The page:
Nobody gets married to then get divorced, but things change. People change. It's an unfortunate reality of today's generation. Recent headlines of reality TV sensations John and Kate Plus 8 and their divorce filings is a sad reminder that it can happen to the best of us. I've been fortunate as a financial planner to not have been involved in many ugly divorce cases, and for the few that I have been involved in, that's more than my share than I want to have. After the divorce is final is where the fun begins.
In an easy divorce, the assets are split down the middle, and for the most part, everybody walks away happy. But in some cases, it gets much more complicated. For example, let's say that the ex gets the house and some of the stock holdings, and you're left with the rest. If the overall portfolios were allocated appropriately, the drastic market swings have probably left them completely out of whack. For a financial planner like myself, there's nothing more troubling than an out of whack portfolio. In a common market, the impact might not be as severe, but it's no news to anybody that we are not in a common market. After the assets have been split, it's important that the portfolios be realigned as soon as possible. In addition to that, here's a few more things that you want to consider.
Most post-divorce individuals do not get around the planning related issues for many months or even years, taking time to recover emotionally at first. You need to realize how important it is to not postpone. Most, with the help of their attorneys, will focus on the tax implications of the assets whenever they're splitting things up. In addition to the tax aspect, we also need to look at asset protection beneficiaries. Divorcing clients often have substantial retirement accounts or other assets governed by beneficiary designations.
Remember your 401k at work?
Many times, you'll forget about the beneficiaries you had on your 401(k) account, maybe annuities, or any other type of retirement account. Once the divorce is final, you will want to make sure to double check and update these beneficiaries accordingly. I'm not a big fan of keeping too much paperwork, but in this case you will want to keep a copy. With my firm, we'll always have a copy of the beneficiary designation form for your convenience, as well.
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When clients divorce, there's a good chance there's a critical area of making sure things are spelled out for each other correctly. One aspect that is often over looked are the insurance policies. With the divorce being imminent, the purpose of the insurance now may have changed. Does it make sense to continue with the policies? What about if there is built up cash value in the policy? Divorce raises an issue whether one spouse maintains, after divorce, an “insurable interest” in the other spouse's life or ability to continue earning an income at levels established or expected at the time of divorce. Another aspect is if child support is not only required but all a necessity, then making sure that the paying spouse has enough life insurance to account if something were to happen to them. As you can see, there are several details to be worked out.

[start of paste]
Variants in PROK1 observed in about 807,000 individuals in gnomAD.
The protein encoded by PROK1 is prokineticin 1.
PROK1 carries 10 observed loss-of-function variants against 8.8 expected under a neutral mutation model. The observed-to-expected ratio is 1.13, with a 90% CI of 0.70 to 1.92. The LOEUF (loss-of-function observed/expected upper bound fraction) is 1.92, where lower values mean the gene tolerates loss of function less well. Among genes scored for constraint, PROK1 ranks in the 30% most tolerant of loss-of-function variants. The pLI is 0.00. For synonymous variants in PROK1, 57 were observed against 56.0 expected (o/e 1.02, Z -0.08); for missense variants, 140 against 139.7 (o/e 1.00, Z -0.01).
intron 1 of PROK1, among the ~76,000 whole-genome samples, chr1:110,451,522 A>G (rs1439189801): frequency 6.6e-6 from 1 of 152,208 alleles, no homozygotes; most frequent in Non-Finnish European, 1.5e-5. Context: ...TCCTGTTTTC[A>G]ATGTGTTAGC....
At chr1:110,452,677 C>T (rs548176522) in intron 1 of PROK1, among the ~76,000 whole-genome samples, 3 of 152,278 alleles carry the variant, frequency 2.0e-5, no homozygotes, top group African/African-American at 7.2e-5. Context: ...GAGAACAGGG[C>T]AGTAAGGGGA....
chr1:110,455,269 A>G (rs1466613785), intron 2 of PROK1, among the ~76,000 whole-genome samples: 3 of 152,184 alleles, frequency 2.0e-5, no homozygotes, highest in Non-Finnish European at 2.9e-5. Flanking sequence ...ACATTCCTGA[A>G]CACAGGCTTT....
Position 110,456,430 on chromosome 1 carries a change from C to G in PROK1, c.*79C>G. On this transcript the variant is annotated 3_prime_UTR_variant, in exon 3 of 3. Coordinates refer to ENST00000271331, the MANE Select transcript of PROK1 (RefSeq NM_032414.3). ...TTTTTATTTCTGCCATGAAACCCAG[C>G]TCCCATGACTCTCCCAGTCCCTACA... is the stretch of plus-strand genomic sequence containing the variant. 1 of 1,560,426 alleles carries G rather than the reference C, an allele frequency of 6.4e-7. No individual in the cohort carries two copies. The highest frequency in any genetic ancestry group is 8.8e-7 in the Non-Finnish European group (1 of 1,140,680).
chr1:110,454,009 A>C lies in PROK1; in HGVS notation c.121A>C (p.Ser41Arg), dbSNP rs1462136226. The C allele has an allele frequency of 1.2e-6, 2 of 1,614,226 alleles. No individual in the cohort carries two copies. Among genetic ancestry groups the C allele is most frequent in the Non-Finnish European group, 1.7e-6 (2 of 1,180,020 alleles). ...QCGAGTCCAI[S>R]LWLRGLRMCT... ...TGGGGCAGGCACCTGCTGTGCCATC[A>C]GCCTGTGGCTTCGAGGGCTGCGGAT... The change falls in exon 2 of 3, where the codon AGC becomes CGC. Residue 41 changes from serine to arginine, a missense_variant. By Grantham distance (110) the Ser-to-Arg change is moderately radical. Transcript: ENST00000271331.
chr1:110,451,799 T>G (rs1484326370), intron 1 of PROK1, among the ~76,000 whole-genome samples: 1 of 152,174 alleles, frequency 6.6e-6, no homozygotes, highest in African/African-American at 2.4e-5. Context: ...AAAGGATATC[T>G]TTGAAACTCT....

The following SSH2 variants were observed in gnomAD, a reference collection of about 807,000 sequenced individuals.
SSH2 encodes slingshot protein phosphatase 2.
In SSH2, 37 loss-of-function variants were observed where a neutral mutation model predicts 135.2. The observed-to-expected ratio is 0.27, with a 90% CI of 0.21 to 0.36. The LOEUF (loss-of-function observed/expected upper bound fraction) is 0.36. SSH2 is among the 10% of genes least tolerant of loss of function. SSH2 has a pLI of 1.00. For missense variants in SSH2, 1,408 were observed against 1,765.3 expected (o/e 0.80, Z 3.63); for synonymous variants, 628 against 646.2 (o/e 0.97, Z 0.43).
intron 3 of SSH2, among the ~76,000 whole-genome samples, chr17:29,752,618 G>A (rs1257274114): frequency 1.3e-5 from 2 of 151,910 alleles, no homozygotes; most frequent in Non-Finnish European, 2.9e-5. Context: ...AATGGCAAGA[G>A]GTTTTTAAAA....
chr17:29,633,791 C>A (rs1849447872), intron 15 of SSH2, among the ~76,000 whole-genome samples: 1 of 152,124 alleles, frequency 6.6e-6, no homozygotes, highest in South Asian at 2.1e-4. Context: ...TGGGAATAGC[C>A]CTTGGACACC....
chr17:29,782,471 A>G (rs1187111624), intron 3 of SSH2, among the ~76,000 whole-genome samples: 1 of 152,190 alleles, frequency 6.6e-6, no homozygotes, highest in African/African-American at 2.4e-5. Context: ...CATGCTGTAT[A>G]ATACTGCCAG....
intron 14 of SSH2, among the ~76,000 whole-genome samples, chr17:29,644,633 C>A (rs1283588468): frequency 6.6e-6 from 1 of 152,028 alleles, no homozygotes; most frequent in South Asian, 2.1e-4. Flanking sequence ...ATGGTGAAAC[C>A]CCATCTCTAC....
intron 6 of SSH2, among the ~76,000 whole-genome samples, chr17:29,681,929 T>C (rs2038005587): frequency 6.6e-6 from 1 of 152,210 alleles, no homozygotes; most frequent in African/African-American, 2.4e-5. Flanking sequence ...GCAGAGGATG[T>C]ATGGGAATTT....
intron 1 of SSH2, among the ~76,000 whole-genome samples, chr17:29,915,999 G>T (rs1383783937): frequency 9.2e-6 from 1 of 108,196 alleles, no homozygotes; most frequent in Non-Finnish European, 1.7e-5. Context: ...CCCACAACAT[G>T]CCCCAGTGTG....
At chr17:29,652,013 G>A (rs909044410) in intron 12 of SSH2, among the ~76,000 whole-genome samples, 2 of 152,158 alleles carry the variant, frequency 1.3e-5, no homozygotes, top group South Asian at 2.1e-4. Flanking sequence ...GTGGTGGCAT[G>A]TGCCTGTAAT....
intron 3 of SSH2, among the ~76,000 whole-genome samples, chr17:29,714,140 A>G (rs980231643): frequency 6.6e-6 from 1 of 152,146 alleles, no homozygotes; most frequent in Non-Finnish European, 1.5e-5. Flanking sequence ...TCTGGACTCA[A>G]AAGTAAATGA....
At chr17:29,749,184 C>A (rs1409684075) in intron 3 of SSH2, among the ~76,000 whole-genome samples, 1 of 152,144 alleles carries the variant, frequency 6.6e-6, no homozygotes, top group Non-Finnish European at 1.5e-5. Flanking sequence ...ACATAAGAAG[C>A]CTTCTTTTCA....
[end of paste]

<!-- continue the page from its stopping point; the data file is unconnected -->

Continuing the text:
When kids are involved, that's when it tends to get more interesting. Most often than not, both parents will agree that saving for college is in the best interest for the kids usually in the form of a 529 plan. One thing to consider though is that only one parent can be the owner of the account. What's the problem in that? Well, if your ex-spouse is the owner on the account, they will always have access to cash out the funds at any time. Divorcing couples should consider appointing an independent third party to be in control of the account.
Without an accurate picture of your marital income, expenses, assets and liabilities, you could get a poor settlement. Discovery is designed to uncover unaccounted for and hidden assets, unknown liabilities and missing information, but the best practice is to do your own homework as well. Tax forms , financial documents, and even safety deposit boxes will help you compile a complete and accurate balance sheet of your marital assets. Then, you can value the assets and liabilities, and identify which are marital and which are separate.
Don't Forget Taxes
Your settlement could have severe consequences if you take an asset that will result in a big tax bill, while your spouse gets an asset with a small tax bill. The home is often the biggest asset in a divorce and usually has the most sentimental attachment. Buying out your spouse might seem like the best option, but be wary of possible tax implications of doing so. Buying the home might lead you down a path of debt destruction.
In The End
When beginning divorce proceedings be sure to seek legal counsel. Even in a “good” divorce when you think you can settle issues without attorney, you will be surprised on the little things that can arise such as property disputes, investments, and who will win custody of the children. Little promises can be easily forgotten and it's best to get it in writing. Look for attorney that specializes in divorce to ensure that things are taken care of properly.